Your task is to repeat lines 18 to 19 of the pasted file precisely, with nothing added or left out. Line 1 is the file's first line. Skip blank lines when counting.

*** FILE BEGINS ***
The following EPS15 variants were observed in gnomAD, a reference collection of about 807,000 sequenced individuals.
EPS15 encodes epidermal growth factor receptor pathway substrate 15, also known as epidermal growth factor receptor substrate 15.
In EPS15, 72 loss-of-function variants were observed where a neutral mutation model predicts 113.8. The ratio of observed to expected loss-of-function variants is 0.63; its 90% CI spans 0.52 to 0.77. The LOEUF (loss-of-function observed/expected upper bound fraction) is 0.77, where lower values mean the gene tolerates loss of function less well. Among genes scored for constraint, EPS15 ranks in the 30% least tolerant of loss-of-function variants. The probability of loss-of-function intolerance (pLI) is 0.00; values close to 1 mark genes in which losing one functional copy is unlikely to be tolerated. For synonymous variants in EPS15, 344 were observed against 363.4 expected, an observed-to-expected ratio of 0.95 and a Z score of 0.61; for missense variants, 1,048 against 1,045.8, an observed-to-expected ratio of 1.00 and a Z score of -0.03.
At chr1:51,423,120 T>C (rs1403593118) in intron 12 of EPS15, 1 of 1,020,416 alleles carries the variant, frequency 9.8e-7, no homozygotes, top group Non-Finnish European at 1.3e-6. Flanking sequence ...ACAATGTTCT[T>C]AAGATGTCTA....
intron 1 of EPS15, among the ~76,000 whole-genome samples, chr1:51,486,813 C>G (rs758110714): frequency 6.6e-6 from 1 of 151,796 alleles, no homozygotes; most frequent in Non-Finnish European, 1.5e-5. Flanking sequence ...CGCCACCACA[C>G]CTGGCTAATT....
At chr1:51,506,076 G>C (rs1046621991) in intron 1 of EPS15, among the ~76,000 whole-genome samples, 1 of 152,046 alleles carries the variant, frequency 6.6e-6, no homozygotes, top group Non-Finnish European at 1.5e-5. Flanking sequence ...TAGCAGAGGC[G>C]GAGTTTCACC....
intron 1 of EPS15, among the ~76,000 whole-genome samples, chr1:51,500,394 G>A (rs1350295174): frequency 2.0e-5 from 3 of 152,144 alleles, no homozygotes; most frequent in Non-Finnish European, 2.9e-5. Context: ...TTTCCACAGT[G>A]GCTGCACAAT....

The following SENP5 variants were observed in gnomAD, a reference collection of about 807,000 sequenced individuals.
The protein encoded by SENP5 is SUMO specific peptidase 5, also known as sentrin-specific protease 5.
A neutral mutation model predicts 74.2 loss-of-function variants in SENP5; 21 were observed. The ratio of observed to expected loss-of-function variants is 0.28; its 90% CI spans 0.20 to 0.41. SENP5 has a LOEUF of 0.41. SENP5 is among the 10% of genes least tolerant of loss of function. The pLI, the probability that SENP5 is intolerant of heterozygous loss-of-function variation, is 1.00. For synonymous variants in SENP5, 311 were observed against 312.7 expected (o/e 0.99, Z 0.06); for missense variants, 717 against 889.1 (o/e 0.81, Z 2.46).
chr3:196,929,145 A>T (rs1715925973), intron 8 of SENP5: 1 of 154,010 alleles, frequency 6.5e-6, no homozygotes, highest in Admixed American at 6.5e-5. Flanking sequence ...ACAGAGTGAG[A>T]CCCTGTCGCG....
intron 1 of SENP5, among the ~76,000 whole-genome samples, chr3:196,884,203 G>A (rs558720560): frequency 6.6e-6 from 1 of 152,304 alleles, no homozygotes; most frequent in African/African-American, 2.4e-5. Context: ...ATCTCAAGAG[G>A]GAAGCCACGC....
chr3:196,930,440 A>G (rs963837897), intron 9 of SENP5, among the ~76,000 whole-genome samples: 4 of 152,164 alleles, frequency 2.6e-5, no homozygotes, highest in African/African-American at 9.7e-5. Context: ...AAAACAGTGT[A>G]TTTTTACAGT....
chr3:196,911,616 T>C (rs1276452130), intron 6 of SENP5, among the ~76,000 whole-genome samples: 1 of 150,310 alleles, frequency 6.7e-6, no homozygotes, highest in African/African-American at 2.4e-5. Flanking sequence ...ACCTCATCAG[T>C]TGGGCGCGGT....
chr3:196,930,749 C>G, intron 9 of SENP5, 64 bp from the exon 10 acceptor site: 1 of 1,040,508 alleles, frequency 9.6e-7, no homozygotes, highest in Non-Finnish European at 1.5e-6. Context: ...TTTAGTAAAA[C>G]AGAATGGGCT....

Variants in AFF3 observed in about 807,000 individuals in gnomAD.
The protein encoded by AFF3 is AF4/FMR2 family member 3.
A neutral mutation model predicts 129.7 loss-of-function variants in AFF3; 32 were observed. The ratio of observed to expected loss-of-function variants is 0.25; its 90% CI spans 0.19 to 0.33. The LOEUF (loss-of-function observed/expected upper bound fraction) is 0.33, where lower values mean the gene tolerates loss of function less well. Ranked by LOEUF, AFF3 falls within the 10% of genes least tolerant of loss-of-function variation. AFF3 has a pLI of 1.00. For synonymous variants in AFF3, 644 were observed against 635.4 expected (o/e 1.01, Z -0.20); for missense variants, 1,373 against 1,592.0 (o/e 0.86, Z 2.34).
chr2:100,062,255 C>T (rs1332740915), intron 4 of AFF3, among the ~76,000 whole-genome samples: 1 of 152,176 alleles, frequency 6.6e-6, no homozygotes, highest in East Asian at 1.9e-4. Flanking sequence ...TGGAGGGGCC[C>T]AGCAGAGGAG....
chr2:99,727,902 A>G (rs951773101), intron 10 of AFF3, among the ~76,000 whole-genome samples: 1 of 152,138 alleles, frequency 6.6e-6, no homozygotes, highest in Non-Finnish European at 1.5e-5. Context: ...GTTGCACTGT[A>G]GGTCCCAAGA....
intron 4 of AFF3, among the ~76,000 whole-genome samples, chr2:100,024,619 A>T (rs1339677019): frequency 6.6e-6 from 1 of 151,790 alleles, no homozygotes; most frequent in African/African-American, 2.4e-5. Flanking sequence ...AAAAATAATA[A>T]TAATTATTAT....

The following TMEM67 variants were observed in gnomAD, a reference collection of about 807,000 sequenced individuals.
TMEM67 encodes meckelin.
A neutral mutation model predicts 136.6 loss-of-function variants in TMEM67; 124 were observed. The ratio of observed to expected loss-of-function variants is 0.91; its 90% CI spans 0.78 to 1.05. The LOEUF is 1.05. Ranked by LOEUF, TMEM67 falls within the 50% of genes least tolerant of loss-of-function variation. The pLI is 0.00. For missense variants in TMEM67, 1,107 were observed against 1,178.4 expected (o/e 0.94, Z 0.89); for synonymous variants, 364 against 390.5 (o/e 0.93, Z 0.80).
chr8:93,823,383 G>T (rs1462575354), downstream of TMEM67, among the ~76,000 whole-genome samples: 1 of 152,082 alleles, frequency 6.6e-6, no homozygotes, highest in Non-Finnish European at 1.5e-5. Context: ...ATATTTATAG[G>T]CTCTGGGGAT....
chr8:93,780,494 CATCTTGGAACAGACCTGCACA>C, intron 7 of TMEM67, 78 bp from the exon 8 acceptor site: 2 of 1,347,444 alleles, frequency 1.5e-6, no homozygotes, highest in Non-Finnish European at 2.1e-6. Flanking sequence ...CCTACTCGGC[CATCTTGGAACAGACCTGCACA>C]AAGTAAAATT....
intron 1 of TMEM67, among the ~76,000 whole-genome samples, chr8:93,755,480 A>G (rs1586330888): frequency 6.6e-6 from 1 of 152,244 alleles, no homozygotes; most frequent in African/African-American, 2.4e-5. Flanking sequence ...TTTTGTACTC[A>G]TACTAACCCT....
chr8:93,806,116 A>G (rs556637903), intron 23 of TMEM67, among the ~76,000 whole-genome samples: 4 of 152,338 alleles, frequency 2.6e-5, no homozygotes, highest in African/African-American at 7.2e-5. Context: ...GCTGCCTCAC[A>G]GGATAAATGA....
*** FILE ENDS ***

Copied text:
A neutral mutation model predicts 129.7 loss-of-function variants in AFF3; 32 were observed. The ratio of observed to expected loss-of-function variants is 0.25; its 90% CI spans 0.19 to 0.33. The LOEUF (loss-of-function observed/expected upper bound fraction) is 0.33, where lower values mean the gene tolerates loss of function less well. Ranked by LOEUF, AFF3 falls within the 10% of genes least tolerant of loss-of-function variation. AFF3 has a pLI of 1.00. For synonymous variants in AFF3, 644 were observed against 635.4 expected (o/e 1.01, Z -0.20); for missense variants, 1,373 against 1,592.0 (o/e 0.86, Z 2.34).
chr2:100,062,255 C>T (rs1332740915), intron 4 of AFF3, among the ~76,000 whole-genome samples: 1 of 152,176 alleles, frequency 6.6e-6, no homozygotes, highest in East Asian at 1.9e-4. Flanking sequence ...TGGAGGGGCC[C>T]AGCAGAGGAG....